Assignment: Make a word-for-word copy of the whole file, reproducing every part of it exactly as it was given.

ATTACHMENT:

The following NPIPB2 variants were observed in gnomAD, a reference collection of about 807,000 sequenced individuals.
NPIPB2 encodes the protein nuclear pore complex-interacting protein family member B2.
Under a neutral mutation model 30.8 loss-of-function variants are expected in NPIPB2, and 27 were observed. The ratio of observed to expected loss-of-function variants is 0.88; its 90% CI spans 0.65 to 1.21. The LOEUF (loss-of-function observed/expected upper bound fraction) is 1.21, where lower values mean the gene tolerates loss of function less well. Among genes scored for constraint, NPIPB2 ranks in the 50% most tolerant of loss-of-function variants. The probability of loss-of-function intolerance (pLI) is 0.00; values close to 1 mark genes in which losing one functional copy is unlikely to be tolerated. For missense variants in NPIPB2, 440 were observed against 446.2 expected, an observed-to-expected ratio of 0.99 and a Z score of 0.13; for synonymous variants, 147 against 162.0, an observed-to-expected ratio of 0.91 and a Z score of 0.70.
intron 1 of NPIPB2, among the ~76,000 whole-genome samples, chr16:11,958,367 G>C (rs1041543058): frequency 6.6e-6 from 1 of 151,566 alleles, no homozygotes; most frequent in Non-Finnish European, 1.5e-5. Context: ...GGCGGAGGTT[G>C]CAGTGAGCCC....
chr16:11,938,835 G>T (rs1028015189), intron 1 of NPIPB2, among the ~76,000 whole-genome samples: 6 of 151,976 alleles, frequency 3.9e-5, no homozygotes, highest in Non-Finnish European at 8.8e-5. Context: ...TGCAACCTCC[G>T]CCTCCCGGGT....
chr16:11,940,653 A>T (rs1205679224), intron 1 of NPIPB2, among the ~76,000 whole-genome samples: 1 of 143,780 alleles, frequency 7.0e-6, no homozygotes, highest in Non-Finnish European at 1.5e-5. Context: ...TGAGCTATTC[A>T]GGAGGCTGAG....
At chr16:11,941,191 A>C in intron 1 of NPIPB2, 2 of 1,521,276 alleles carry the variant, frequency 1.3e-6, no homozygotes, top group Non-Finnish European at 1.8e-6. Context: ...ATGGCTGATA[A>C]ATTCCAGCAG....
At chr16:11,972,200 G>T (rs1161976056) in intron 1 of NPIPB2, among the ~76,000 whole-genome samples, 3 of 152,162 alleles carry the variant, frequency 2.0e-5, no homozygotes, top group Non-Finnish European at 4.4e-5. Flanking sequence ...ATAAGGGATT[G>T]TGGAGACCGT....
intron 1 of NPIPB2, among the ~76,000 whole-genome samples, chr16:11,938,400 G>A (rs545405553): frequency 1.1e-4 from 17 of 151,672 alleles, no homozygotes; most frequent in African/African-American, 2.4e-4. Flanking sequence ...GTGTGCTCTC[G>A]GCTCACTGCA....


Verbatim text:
The following NPIPB2 variants were observed in gnomAD, a reference collection of about 807,000 sequenced individuals.
NPIPB2 encodes the protein nuclear pore complex-interacting protein family member B2.
Under a neutral mutation model 30.8 loss-of-function variants are expected in NPIPB2, and 27 were observed. The ratio of observed to expected loss-of-function variants is 0.88; its 90% CI spans 0.65 to 1.21. The LOEUF (loss-of-function observed/expected upper bound fraction) is 1.21, where lower values mean the gene tolerates loss of function less well. Among genes scored for constraint, NPIPB2 ranks in the 50% most tolerant of loss-of-function variants. The probability of loss-of-function intolerance (pLI) is 0.00; values close to 1 mark genes in which losing one functional copy is unlikely to be tolerated. For missense variants in NPIPB2, 440 were observed against 446.2 expected, an observed-to-expected ratio of 0.99 and a Z score of 0.13; for synonymous variants, 147 against 162.0, an observed-to-expected ratio of 0.91 and a Z score of 0.70.
intron 1 of NPIPB2, among the ~76,000 whole-genome samples, chr16:11,958,367 G>C (rs1041543058): frequency 6.6e-6 from 1 of 151,566 alleles, no homozygotes; most frequent in Non-Finnish European, 1.5e-5. Context: ...GGCGGAGGTT[G>C]CAGTGAGCCC....
chr16:11,938,835 G>T (rs1028015189), intron 1 of NPIPB2, among the ~76,000 whole-genome samples: 6 of 151,976 alleles, frequency 3.9e-5, no homozygotes, highest in Non-Finnish European at 8.8e-5. Context: ...TGCAACCTCC[G>T]CCTCCCGGGT....
chr16:11,940,653 A>T (rs1205679224), intron 1 of NPIPB2, among the ~76,000 whole-genome samples: 1 of 143,780 alleles, frequency 7.0e-6, no homozygotes, highest in Non-Finnish European at 1.5e-5. Context: ...TGAGCTATTC[A>T]GGAGGCTGAG....
At chr16:11,941,191 A>C in intron 1 of NPIPB2, 2 of 1,521,276 alleles carry the variant, frequency 1.3e-6, no homozygotes, top group Non-Finnish European at 1.8e-6. Context: ...ATGGCTGATA[A>C]ATTCCAGCAG....
At chr16:11,972,200 G>T (rs1161976056) in intron 1 of NPIPB2, among the ~76,000 whole-genome samples, 3 of 152,162 alleles carry the variant, frequency 2.0e-5, no homozygotes, top group Non-Finnish European at 4.4e-5. Flanking sequence ...ATAAGGGATT[G>T]TGGAGACCGT....
intron 1 of NPIPB2, among the ~76,000 whole-genome samples, chr16:11,938,400 G>A (rs545405553): frequency 1.1e-4 from 17 of 151,672 alleles, no homozygotes; most frequent in African/African-American, 2.4e-4. Flanking sequence ...GTGTGCTCTC[G>A]GCTCACTGCA....